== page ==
Limit self seeders. Self seeders are wonderful, but we will limit them in this garden. The simple truth is that they make weeding harder. Seed heads can be very attractive and wildlife appreciates them, but there are plenty of places where we have established more naturalistic plantings. The average person thinks they look messy, and conversations that start with “You’re wrong, it’s actually beautiful” usually don’t go that well. Verbena bonariensis and aquilegia work because they are easy to recognize.
Emphasize late summer and fall bloom. The main reason for this is maintenance: late blooming plants look good all summer, but a lot of early bloomers look sad and hung-over after their blooming party, and constant bloom is very high maintenance. There is no shortage of early summer bloom in town, and we will have flowering shrubs and trees. Spring is always appreciated even if there are few flowers. The other reason is that there are so many underused fall blooming plants, most of which are great pollinator plants and many are native. Fall in Old Greenwich is under appreciated - I think we have the best fall on earth.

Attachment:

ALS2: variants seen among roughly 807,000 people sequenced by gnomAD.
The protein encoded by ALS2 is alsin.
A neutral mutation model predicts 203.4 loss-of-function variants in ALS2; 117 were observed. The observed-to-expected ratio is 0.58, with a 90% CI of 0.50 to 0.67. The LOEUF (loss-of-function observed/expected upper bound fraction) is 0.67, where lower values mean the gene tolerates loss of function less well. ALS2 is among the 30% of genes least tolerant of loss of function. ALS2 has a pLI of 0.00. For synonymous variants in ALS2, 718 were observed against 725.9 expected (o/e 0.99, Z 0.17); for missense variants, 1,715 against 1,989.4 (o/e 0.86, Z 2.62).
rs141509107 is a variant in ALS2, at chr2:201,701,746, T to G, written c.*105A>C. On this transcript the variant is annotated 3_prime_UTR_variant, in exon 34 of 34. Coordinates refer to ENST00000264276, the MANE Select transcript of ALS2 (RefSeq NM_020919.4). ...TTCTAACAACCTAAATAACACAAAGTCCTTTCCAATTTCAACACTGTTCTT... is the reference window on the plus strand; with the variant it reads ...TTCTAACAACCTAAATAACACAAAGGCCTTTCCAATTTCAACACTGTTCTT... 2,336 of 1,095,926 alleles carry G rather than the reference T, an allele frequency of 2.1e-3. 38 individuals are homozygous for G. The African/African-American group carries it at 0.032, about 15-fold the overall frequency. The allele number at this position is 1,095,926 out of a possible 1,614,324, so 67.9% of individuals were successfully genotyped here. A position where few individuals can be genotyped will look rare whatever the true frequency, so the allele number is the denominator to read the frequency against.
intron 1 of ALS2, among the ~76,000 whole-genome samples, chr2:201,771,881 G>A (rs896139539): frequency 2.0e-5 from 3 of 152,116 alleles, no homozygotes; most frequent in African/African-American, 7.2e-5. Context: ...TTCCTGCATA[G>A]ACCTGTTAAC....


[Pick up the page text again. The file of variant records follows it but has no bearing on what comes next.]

Use natives, but not exclusively. Many garden worthy exotic plants are excellent pollinator plants. Three exotics that will definitely be invited: sedum ‘Autumn Joy’, iris ‘Blessed Again’, and mum ‘Sheffield Pink’. The iris and mum represent Old Greenwich and the GCOG plant sale, and they bookend the season, providing the first and last perennial blooms. ‘Autumn Joy’ has no faults and not using it is masochistic.
The First Year
We will need to use annuals (large and bedding plants) and possibly some large containers until the other plants begin to fill in. Sunflowers and nicotiana sylvestris are great native-ish plants that will quickly establish the island as a beautiful GCOG project.